As with beer, whiskey has its white whales — expressions that devotees dream of tasting once (twice, if fortune strikes) in a lifetime. While trades of limited-release bottles and cans are common in the beer world, auctions — particularly online ones — are favored in the realm of whiskey.
“Accessibility is a big benefit,” says Iain McClune, founder and owner of Whisky Auctioneer, which is currently auctioning 290 bottles from the now-defunct Karuizawa whisky distillery. “The market for whiskey is very much worldwide, and being based online provides access for anyone with a computer or smartphone.”
Whisky Auctioneer’s monthly auctions feature over 3,000 bottles of varying style, origin and age, the selling prices of which can land anywhere on the spectrum of £5 (~$6) to £15,000 (~$18,668) and beyond. Auctions, then, aren’t just for big spenders, McClune explains. They’re worth dipping your toes in for the sake of getting ahold of something new, experiencing the thrill of the bid, or simply seeing what’s out there.
Q: Who participates in a whiskey auction? Is having a collection a prerequisite?
A: An established collection is definitely not a requirement. Bidders will tend to fall into one of three categories: an individual who buys to drink or sells the odd bottle they have inherited or found in the back of a cupboard; a collector who buys and sells for enjoyment or interest; or a collector who buys and sells mainly for investment purposes.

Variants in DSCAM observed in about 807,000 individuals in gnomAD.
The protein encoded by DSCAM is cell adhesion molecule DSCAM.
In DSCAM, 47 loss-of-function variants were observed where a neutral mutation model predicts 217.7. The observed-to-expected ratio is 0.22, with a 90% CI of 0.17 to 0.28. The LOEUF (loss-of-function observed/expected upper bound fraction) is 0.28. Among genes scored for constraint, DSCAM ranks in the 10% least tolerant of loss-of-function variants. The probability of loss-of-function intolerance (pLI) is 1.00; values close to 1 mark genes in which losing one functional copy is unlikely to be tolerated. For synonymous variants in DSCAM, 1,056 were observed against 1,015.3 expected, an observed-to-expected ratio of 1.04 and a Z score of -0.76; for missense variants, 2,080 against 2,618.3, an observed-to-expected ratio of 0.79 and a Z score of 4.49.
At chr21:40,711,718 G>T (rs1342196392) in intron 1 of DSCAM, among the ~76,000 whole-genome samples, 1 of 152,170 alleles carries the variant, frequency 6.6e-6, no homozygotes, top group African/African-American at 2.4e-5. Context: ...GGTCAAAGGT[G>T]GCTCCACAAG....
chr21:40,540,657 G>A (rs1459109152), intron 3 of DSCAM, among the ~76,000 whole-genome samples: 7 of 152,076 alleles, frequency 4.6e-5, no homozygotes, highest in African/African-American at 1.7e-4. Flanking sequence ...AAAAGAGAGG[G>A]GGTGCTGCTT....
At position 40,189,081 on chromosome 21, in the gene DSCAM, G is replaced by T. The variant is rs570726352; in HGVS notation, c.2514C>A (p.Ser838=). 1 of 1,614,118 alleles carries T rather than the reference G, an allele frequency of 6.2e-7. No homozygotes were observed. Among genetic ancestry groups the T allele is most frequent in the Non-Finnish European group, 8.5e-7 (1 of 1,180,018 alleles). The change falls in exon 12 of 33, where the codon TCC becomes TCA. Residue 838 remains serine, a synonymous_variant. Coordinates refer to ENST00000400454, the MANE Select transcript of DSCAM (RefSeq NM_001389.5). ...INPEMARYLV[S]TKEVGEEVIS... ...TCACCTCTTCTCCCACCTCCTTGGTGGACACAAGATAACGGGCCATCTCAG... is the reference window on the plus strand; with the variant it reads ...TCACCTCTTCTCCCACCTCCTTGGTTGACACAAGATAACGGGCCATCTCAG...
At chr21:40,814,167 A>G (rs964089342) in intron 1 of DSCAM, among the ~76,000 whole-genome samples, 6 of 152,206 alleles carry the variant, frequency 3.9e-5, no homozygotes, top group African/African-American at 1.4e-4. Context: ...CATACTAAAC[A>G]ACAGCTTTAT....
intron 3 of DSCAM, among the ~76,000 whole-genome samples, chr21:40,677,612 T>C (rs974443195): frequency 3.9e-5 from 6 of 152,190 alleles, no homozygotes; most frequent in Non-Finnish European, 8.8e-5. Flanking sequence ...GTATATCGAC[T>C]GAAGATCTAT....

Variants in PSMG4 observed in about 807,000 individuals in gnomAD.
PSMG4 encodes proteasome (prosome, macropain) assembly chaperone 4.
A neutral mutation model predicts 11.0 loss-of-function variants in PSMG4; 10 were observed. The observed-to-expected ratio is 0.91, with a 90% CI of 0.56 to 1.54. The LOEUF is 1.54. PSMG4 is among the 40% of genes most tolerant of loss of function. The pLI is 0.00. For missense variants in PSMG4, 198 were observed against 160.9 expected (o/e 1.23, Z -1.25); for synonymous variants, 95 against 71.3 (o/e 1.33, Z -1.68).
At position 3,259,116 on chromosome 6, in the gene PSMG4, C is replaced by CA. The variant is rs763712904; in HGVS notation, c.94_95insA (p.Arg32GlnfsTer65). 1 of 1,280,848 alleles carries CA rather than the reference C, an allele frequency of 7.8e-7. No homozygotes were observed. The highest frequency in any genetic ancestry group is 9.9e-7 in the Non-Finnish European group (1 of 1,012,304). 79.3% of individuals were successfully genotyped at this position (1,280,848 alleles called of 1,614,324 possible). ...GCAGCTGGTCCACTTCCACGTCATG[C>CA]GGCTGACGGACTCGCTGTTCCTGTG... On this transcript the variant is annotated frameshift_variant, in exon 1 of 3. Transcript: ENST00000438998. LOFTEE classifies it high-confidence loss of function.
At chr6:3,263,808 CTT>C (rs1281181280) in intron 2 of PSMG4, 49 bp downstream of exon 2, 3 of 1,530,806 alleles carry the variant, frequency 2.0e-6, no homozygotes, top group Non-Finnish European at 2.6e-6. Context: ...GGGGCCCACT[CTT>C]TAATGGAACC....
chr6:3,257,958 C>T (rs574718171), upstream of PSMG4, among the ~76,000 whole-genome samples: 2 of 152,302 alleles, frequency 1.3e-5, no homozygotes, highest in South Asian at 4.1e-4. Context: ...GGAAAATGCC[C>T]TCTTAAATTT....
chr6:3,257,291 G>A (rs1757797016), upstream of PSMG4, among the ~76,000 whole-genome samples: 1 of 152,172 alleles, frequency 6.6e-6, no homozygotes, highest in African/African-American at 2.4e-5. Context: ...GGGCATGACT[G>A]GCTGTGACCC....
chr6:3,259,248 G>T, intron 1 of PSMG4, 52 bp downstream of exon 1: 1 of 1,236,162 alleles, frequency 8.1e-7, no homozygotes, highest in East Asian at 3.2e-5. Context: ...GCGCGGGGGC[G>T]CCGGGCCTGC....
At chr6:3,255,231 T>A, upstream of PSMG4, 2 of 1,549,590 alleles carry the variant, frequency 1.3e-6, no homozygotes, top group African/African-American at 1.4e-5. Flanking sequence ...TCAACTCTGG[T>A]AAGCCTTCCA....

Q: Why would someone sell a collection like the Karuizawa?
A: The decision to sell a collection will predominantly be made due to one of two reasons: either the collection has been completed and the seller would like to start a new one, or the seller is keen to take advantage of particularly high prices and demand at that time. Often these collections have been put together for investment purposes.
Q: What is your process for accepting bottles to sell at auction? Is there any sort of authentication process?
A: Often we will start by providing a free valuation for a potential seller. Bottles must be in reasonable condition and sealed. We require all bottles to be at our premises in Perth, Scotland, whether they are dropped off, shipped or collected by us.
Our team is trained to spot fake bottles. We look for tell-tale signs such as inconsistency with liquid color, spelling mistakes on labels, poor quality labels or caps. If there is a remote question over the authenticity of a bottle, it will not be entered for auction.
Q: Are there particular styles of whiskey that are more popular than others, both among bidders and bottles being put up for auction?
A: One tends to follow the other. For instance, demand for Macallan increased dramatically over the course of 2016, which resulted in an increased number of bottles being put in for auction as sellers saw prices rise. Macallan is still in demand going into 2017, as are many closed distilleries [with dwindling stocks due to halted production], such as Port Ellen and, of course, many Japanese whiskies, particularly Karuizawa.